Bigotry: intolerant prejudice that glorifies one’s own group and denigrates members of other groups.***

Culture Shock: the disorienting experience of realizing that the perspectives, behaviors and experiences of an individual, group or society are not shared by another individual, group or society.*

Confederate Flag: consisting of seven white stars on a blue canton with a field of three alternating stripes, two red and one white. The stars represent the seven seceded states of the United States Deep South in 1961.**

Civil Rights Movement: mass protest movement against racial segregation and discrimination in the southern United States that came to national prominence during the mid-1950s. This movement had its roots in the centuries-long efforts of African slaves and their descendants to resist racial oppression and abolish the institution of slavery.**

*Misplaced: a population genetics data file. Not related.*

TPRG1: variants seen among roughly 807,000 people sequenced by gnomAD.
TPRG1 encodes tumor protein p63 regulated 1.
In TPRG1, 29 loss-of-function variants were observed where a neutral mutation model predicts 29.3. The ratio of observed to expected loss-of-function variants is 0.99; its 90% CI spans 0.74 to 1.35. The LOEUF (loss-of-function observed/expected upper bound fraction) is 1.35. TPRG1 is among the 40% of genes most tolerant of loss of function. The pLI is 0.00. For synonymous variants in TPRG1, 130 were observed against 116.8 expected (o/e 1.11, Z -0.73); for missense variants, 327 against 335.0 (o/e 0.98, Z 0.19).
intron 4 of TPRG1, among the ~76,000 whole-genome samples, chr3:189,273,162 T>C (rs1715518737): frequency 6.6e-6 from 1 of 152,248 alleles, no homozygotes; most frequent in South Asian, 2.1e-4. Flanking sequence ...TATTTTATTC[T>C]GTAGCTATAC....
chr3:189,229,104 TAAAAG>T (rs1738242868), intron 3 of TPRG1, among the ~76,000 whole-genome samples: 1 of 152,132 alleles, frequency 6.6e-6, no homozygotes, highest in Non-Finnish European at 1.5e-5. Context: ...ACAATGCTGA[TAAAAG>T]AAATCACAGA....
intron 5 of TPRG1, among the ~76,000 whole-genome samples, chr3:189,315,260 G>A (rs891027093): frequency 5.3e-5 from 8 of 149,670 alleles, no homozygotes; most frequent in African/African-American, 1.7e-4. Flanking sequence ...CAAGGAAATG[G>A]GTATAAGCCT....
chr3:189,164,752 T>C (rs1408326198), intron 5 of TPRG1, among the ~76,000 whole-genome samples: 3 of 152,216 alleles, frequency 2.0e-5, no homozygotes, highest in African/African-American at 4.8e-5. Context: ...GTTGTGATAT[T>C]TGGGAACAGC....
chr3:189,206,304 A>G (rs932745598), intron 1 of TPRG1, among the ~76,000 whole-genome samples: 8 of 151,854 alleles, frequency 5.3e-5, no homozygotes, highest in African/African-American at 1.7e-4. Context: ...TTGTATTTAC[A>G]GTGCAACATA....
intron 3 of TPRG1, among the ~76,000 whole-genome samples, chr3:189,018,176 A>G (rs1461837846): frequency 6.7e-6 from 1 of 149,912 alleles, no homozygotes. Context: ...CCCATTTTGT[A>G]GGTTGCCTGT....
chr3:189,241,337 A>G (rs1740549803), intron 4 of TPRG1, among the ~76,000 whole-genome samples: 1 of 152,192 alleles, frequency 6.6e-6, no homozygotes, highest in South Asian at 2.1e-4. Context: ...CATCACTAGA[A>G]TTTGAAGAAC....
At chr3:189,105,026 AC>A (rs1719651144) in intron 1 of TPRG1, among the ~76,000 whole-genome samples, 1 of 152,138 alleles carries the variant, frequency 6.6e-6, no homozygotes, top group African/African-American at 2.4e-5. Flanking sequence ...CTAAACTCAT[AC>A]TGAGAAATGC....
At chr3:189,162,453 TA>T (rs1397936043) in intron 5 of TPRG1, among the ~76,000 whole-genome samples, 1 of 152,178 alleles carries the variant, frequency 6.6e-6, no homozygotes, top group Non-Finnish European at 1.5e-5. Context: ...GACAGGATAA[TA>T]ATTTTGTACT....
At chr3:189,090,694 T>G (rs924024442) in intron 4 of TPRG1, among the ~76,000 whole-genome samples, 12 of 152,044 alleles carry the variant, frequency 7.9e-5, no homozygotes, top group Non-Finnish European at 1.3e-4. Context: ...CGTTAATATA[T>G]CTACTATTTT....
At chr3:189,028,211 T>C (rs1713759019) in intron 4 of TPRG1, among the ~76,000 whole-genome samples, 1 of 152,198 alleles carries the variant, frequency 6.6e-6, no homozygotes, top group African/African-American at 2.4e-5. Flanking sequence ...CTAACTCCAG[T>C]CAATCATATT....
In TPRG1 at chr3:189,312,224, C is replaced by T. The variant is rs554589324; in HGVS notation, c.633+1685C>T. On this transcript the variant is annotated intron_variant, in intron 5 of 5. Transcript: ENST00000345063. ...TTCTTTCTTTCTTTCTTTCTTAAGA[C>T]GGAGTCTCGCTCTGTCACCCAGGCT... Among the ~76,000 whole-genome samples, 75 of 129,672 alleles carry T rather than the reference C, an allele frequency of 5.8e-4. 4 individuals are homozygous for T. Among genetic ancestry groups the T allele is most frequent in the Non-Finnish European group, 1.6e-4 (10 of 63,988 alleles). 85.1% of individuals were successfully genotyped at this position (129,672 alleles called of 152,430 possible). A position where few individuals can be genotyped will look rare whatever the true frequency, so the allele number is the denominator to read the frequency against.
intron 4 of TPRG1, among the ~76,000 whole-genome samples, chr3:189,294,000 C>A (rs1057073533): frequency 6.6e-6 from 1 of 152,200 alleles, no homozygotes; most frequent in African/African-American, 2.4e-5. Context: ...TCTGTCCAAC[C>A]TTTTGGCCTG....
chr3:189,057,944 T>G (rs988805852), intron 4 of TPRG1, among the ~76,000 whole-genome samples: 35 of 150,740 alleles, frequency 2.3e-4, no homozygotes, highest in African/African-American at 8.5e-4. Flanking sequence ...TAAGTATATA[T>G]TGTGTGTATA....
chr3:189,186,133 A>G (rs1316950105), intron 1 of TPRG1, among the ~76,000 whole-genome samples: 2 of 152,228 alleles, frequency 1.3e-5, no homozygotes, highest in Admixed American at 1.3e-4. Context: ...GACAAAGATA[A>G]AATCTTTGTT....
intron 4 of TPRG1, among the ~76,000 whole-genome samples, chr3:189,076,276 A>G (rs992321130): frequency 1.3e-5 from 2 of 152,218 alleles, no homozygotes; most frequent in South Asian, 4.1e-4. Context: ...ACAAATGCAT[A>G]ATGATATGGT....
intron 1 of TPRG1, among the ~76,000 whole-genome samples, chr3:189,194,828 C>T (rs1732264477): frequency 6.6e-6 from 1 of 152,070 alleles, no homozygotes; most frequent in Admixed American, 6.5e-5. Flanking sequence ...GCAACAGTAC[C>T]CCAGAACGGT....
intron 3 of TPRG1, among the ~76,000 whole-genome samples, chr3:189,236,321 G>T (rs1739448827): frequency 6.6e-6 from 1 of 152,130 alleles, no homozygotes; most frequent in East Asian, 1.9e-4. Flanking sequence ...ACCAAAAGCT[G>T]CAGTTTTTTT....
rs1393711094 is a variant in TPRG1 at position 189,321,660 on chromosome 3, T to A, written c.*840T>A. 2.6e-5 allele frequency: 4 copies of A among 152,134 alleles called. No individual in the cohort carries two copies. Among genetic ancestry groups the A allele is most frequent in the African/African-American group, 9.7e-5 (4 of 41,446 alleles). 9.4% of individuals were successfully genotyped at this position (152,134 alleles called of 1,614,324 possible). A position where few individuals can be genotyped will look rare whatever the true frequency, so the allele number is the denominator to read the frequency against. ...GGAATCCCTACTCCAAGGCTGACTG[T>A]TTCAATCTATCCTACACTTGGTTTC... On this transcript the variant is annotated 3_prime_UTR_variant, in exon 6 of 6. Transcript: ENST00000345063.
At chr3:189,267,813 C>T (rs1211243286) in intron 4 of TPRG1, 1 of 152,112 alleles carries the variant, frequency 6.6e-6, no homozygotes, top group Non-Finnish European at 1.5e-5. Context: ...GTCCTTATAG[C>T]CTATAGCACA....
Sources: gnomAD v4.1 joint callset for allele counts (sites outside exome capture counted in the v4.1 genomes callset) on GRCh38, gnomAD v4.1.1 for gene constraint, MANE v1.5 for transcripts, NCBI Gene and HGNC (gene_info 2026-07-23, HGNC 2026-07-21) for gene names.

Discrimination: the unequal treatment of members of various groups based on race, gender, social class, sexual orientation, physical ability, religion and other categories.***

Dixie: the states of the southeastern and south central U.S. and especially those which constituted the Confederate States of America. **

Diversity: the inclusion of different types of people (such as people of different races or cultures) in a group or organization.**

Emancipation: freedom from legalized slavery gained by most enslaved persons of African descent immediately following the Civil War. The Emancipation Proclamation made slavery illegal in Confederate states.*